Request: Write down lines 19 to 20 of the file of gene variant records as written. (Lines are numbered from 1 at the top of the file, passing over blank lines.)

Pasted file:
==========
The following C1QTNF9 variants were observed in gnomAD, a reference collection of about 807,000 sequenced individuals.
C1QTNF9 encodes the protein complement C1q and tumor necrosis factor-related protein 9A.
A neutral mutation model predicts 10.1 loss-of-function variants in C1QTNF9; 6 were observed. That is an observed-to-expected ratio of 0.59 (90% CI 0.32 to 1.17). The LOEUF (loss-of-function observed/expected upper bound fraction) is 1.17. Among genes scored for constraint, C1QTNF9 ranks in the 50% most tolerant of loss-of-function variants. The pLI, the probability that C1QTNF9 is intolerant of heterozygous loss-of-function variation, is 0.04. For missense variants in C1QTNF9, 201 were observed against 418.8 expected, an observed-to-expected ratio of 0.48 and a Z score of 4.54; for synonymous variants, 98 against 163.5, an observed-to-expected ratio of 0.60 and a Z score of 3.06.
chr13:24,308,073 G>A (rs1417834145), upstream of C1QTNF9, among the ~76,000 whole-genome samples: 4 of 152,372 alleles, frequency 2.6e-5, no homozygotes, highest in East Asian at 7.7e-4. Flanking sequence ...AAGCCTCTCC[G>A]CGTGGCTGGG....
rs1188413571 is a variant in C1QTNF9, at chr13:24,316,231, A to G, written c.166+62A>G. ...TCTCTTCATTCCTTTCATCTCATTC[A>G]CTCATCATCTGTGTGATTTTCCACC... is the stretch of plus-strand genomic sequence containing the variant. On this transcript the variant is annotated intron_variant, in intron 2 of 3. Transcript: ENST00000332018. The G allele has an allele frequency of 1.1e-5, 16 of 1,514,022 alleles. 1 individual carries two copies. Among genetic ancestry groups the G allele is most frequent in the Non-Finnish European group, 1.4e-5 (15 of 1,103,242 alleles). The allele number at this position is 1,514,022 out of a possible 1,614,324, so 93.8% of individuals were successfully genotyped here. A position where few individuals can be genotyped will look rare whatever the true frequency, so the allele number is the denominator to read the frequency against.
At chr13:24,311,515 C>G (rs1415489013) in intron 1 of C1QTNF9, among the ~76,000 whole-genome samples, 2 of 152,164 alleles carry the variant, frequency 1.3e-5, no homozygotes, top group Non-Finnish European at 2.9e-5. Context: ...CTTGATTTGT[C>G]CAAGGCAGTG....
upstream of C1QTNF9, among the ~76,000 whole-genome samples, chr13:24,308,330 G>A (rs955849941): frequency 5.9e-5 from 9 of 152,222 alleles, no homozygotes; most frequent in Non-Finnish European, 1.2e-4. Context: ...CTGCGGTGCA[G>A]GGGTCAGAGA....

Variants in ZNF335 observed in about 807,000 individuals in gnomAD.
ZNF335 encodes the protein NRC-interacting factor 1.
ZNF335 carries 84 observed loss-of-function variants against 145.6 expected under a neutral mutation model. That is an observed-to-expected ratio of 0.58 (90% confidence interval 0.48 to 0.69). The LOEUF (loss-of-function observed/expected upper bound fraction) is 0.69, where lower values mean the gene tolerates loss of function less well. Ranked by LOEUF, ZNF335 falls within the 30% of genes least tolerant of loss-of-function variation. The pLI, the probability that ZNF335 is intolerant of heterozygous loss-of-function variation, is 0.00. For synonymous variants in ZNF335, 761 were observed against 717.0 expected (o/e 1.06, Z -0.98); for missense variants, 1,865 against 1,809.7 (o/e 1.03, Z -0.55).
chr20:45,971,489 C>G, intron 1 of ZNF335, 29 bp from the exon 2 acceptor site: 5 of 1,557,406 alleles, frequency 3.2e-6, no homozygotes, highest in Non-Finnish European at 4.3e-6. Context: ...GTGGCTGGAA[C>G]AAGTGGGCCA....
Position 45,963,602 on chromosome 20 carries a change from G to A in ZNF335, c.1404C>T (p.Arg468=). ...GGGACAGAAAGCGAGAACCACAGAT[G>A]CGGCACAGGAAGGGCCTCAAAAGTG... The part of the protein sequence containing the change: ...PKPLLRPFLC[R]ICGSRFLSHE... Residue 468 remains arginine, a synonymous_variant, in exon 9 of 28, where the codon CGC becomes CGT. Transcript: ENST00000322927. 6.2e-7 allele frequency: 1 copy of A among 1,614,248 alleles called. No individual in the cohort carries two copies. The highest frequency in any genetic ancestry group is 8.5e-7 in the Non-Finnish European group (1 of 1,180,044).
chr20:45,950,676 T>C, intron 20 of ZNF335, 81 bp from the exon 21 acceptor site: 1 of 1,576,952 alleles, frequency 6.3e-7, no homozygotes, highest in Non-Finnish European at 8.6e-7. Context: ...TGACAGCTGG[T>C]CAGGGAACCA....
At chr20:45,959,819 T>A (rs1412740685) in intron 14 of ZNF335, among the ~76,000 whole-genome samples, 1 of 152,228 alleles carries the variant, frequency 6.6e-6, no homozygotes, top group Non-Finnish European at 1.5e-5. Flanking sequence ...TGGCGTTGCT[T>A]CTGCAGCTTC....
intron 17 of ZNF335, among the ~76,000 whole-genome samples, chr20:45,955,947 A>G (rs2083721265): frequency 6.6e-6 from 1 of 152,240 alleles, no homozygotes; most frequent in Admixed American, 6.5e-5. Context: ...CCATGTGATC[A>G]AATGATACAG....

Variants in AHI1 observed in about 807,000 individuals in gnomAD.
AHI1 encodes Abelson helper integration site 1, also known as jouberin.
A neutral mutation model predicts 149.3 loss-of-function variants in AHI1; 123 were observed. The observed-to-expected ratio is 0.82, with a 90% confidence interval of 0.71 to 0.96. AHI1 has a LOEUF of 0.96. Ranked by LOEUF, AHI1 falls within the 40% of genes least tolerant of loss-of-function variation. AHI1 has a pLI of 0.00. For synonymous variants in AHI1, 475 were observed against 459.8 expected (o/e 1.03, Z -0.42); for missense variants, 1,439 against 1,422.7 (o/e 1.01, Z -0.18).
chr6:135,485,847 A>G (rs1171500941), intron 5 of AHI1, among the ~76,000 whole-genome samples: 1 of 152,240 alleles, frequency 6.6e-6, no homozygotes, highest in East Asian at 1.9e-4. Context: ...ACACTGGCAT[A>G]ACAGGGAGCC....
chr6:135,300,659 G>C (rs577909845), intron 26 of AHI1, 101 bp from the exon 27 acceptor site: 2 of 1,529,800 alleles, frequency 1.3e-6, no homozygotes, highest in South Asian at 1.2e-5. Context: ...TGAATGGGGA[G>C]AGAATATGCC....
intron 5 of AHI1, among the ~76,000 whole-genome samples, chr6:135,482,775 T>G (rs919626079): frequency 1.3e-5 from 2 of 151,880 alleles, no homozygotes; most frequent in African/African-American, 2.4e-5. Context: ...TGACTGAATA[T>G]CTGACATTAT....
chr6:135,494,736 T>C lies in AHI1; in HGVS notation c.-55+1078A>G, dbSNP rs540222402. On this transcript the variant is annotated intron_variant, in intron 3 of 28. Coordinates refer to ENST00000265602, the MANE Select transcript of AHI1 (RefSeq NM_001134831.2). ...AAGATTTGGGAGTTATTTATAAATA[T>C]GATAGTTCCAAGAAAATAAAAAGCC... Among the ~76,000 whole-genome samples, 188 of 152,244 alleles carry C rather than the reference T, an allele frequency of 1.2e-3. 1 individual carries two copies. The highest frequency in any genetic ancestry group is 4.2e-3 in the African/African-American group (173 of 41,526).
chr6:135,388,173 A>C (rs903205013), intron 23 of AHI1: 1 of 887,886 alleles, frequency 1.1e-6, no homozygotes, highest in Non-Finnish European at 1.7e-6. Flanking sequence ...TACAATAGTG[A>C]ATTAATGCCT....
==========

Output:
chr6:135,485,847 A>G (rs1171500941), intron 5 of AHI1, among the ~76,000 whole-genome samples: 1 of 152,240 alleles, frequency 6.6e-6, no homozygotes, highest in East Asian at 1.9e-4. Context: ...ACACTGGCAT[A>G]ACAGGGAGCC....
chr6:135,300,659 G>C (rs577909845), intron 26 of AHI1, 101 bp from the exon 27 acceptor site: 2 of 1,529,800 alleles, frequency 1.3e-6, no homozygotes, highest in South Asian at 1.2e-5. Context: ...TGAATGGGGA[G>C]AGAATATGCC....